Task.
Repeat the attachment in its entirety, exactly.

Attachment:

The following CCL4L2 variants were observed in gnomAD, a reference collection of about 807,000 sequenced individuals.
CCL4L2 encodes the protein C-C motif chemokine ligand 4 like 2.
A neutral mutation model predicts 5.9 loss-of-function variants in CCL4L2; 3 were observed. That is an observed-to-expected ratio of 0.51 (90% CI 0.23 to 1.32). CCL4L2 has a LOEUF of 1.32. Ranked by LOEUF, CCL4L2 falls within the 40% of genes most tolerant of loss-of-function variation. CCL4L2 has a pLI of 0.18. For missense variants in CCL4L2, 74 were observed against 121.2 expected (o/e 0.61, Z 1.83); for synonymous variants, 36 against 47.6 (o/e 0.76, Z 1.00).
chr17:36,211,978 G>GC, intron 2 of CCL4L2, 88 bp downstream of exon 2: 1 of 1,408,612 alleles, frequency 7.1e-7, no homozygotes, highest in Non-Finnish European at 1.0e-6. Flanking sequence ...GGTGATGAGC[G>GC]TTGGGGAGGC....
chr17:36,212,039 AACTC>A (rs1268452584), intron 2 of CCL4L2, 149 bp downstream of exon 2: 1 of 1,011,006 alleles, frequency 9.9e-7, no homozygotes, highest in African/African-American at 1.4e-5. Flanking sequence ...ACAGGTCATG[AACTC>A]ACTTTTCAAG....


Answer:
The following CCL4L2 variants were observed in gnomAD, a reference collection of about 807,000 sequenced individuals.
CCL4L2 encodes the protein C-C motif chemokine ligand 4 like 2.
A neutral mutation model predicts 5.9 loss-of-function variants in CCL4L2; 3 were observed. That is an observed-to-expected ratio of 0.51 (90% CI 0.23 to 1.32). CCL4L2 has a LOEUF of 1.32. Ranked by LOEUF, CCL4L2 falls within the 40% of genes most tolerant of loss-of-function variation. CCL4L2 has a pLI of 0.18. For missense variants in CCL4L2, 74 were observed against 121.2 expected (o/e 0.61, Z 1.83); for synonymous variants, 36 against 47.6 (o/e 0.76, Z 1.00).
chr17:36,211,978 G>GC, intron 2 of CCL4L2, 88 bp downstream of exon 2: 1 of 1,408,612 alleles, frequency 7.1e-7, no homozygotes, highest in Non-Finnish European at 1.0e-6. Flanking sequence ...GGTGATGAGC[G>GC]TTGGGGAGGC....
chr17:36,212,039 AACTC>A (rs1268452584), intron 2 of CCL4L2, 149 bp downstream of exon 2: 1 of 1,011,006 alleles, frequency 9.9e-7, no homozygotes, highest in African/African-American at 1.4e-5. Flanking sequence ...ACAGGTCATG[AACTC>A]ACTTTTCAAG....